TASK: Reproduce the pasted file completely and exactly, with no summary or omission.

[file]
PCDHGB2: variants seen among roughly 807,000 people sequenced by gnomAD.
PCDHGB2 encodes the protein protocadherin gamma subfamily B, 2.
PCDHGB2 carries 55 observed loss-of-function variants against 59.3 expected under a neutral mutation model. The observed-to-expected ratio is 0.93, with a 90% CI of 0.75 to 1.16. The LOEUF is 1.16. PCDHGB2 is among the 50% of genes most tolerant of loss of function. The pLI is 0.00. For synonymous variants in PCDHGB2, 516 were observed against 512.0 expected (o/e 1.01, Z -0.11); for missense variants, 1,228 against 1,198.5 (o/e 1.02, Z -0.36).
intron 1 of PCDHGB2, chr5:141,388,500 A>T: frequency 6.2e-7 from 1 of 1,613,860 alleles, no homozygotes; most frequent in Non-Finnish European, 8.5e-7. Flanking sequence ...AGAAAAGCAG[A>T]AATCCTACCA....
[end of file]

PCDHGB2: variants seen among roughly 807,000 people sequenced by gnomAD.
PCDHGB2 encodes the protein protocadherin gamma subfamily B, 2.
PCDHGB2 carries 55 observed loss-of-function variants against 59.3 expected under a neutral mutation model. The observed-to-expected ratio is 0.93, with a 90% CI of 0.75 to 1.16. The LOEUF is 1.16. PCDHGB2 is among the 50% of genes most tolerant of loss of function. The pLI is 0.00. For synonymous variants in PCDHGB2, 516 were observed against 512.0 expected (o/e 1.01, Z -0.11); for missense variants, 1,228 against 1,198.5 (o/e 1.02, Z -0.36).
intron 1 of PCDHGB2, chr5:141,388,500 A>T: frequency 6.2e-7 from 1 of 1,613,860 alleles, no homozygotes; most frequent in Non-Finnish European, 8.5e-7. Flanking sequence ...AGAAAAGCAG[A>T]AATCCTACCA....